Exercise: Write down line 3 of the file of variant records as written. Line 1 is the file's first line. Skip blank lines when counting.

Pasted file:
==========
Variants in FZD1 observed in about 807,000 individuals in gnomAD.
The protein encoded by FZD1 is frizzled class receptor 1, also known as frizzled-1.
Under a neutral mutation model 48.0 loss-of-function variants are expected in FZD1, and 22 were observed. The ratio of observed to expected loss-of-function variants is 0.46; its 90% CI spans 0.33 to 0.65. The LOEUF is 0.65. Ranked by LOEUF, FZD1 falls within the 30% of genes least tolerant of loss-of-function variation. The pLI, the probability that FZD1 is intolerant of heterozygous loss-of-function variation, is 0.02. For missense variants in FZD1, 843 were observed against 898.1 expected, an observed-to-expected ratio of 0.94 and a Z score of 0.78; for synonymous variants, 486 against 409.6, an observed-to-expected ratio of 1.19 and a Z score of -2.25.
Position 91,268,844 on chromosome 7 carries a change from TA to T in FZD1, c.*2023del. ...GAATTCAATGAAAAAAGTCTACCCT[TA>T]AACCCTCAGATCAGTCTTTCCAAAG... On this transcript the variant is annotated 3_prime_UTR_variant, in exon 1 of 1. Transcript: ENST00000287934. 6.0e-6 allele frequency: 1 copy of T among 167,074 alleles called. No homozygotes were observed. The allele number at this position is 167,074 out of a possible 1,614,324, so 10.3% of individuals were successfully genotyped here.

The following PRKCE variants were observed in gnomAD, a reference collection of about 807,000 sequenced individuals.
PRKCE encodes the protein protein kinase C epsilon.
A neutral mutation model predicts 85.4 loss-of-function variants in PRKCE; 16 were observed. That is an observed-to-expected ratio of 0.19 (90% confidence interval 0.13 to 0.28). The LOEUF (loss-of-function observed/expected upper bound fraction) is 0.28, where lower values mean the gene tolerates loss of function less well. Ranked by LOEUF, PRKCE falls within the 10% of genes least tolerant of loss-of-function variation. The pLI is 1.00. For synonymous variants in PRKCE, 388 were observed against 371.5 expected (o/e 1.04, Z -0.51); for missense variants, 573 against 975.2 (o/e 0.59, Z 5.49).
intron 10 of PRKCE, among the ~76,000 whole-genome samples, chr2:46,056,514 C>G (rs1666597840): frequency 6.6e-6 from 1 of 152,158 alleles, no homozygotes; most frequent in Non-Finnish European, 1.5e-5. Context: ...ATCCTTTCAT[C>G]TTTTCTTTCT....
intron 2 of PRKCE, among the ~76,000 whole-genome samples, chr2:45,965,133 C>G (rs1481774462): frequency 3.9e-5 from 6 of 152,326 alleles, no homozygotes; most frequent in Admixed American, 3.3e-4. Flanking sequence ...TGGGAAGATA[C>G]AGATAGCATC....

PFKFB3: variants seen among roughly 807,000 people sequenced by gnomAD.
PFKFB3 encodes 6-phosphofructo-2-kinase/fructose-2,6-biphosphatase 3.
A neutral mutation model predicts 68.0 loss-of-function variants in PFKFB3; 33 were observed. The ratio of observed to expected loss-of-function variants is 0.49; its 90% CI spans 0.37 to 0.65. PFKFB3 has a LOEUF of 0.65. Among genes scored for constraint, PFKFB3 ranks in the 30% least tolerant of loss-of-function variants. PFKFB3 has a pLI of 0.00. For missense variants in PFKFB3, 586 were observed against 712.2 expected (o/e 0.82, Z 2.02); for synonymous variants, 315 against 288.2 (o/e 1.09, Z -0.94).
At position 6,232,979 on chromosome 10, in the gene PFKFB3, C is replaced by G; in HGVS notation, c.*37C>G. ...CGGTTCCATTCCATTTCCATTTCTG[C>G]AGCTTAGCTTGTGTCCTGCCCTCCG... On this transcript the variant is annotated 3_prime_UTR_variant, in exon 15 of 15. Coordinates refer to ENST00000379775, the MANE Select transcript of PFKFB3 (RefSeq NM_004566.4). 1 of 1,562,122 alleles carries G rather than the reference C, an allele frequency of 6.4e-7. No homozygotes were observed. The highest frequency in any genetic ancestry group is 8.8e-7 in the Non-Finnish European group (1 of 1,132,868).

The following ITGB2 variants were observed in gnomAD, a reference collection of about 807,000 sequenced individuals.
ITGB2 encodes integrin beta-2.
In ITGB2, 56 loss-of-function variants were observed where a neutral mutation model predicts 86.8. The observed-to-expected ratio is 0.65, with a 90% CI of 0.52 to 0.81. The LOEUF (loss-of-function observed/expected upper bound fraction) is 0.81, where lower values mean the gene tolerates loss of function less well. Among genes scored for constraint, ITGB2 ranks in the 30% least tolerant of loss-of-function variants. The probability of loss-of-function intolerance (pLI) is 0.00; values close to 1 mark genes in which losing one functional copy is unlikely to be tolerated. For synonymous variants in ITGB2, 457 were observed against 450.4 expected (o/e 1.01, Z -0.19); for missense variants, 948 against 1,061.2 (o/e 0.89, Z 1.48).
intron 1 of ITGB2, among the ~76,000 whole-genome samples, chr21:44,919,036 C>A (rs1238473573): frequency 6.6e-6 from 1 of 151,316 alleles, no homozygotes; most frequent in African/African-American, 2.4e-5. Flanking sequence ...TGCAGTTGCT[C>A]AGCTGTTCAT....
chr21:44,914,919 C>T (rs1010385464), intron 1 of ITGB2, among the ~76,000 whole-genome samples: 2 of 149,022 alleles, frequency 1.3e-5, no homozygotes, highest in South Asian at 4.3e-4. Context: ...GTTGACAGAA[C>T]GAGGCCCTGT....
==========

Under a neutral mutation model 48.0 loss-of-function variants are expected in FZD1, and 22 were observed. The ratio of observed to expected loss-of-function variants is 0.46; its 90% CI spans 0.33 to 0.65. The LOEUF is 0.65. Ranked by LOEUF, FZD1 falls within the 30% of genes least tolerant of loss-of-function variation. The pLI, the probability that FZD1 is intolerant of heterozygous loss-of-function variation, is 0.02. For missense variants in FZD1, 843 were observed against 898.1 expected, an observed-to-expected ratio of 0.94 and a Z score of 0.78; for synonymous variants, 486 against 409.6, an observed-to-expected ratio of 1.19 and a Z score of -2.25.